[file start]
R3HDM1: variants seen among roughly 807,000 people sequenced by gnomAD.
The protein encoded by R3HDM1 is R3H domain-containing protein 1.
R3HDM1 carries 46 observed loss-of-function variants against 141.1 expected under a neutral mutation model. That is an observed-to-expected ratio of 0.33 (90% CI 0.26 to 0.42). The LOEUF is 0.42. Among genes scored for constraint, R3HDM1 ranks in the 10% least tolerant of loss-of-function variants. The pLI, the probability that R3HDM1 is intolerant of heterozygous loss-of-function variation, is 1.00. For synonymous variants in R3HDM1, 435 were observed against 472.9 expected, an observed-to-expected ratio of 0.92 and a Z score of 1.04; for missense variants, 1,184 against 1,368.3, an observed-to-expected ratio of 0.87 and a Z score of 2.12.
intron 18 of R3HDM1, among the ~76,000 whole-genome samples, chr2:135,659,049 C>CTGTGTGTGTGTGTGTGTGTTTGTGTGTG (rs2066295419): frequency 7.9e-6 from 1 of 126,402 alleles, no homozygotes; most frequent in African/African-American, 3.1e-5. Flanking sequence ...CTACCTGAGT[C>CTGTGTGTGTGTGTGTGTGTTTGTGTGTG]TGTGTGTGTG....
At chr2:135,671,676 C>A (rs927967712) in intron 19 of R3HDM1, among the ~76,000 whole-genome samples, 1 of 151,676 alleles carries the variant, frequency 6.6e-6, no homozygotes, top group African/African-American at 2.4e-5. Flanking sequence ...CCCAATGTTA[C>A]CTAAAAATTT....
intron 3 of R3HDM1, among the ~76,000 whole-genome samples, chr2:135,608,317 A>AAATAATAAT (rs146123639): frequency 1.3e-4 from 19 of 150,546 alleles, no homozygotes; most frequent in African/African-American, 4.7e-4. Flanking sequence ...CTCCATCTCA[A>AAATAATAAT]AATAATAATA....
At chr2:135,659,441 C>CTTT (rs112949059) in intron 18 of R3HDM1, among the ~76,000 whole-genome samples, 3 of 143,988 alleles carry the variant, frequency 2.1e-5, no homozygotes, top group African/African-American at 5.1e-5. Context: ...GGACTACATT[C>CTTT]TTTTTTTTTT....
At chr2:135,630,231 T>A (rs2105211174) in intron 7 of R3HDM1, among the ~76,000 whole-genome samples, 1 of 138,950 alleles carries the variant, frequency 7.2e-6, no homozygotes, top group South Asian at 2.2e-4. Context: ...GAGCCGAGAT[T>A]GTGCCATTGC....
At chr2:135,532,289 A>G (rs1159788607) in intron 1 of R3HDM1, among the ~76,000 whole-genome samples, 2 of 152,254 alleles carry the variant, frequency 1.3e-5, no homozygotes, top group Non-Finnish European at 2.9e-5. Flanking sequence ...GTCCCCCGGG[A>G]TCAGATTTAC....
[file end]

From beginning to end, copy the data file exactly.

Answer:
R3HDM1: variants seen among roughly 807,000 people sequenced by gnomAD.
The protein encoded by R3HDM1 is R3H domain-containing protein 1.
R3HDM1 carries 46 observed loss-of-function variants against 141.1 expected under a neutral mutation model. That is an observed-to-expected ratio of 0.33 (90% CI 0.26 to 0.42). The LOEUF is 0.42. Among genes scored for constraint, R3HDM1 ranks in the 10% least tolerant of loss-of-function variants. The pLI, the probability that R3HDM1 is intolerant of heterozygous loss-of-function variation, is 1.00. For synonymous variants in R3HDM1, 435 were observed against 472.9 expected, an observed-to-expected ratio of 0.92 and a Z score of 1.04; for missense variants, 1,184 against 1,368.3, an observed-to-expected ratio of 0.87 and a Z score of 2.12.
intron 18 of R3HDM1, among the ~76,000 whole-genome samples, chr2:135,659,049 C>CTGTGTGTGTGTGTGTGTGTTTGTGTGTG (rs2066295419): frequency 7.9e-6 from 1 of 126,402 alleles, no homozygotes; most frequent in African/African-American, 3.1e-5. Flanking sequence ...CTACCTGAGT[C>CTGTGTGTGTGTGTGTGTGTTTGTGTGTG]TGTGTGTGTG....
At chr2:135,671,676 C>A (rs927967712) in intron 19 of R3HDM1, among the ~76,000 whole-genome samples, 1 of 151,676 alleles carries the variant, frequency 6.6e-6, no homozygotes, top group African/African-American at 2.4e-5. Flanking sequence ...CCCAATGTTA[C>A]CTAAAAATTT....
intron 3 of R3HDM1, among the ~76,000 whole-genome samples, chr2:135,608,317 A>AAATAATAAT (rs146123639): frequency 1.3e-4 from 19 of 150,546 alleles, no homozygotes; most frequent in African/African-American, 4.7e-4. Flanking sequence ...CTCCATCTCA[A>AAATAATAAT]AATAATAATA....
At chr2:135,659,441 C>CTTT (rs112949059) in intron 18 of R3HDM1, among the ~76,000 whole-genome samples, 3 of 143,988 alleles carry the variant, frequency 2.1e-5, no homozygotes, top group African/African-American at 5.1e-5. Context: ...GGACTACATT[C>CTTT]TTTTTTTTTT....
At chr2:135,630,231 T>A (rs2105211174) in intron 7 of R3HDM1, among the ~76,000 whole-genome samples, 1 of 138,950 alleles carries the variant, frequency 7.2e-6, no homozygotes, top group South Asian at 2.2e-4. Context: ...GAGCCGAGAT[T>A]GTGCCATTGC....
At chr2:135,532,289 A>G (rs1159788607) in intron 1 of R3HDM1, among the ~76,000 whole-genome samples, 2 of 152,254 alleles carry the variant, frequency 1.3e-5, no homozygotes, top group Non-Finnish European at 2.9e-5. Flanking sequence ...GTCCCCCGGG[A>G]TCAGATTTAC....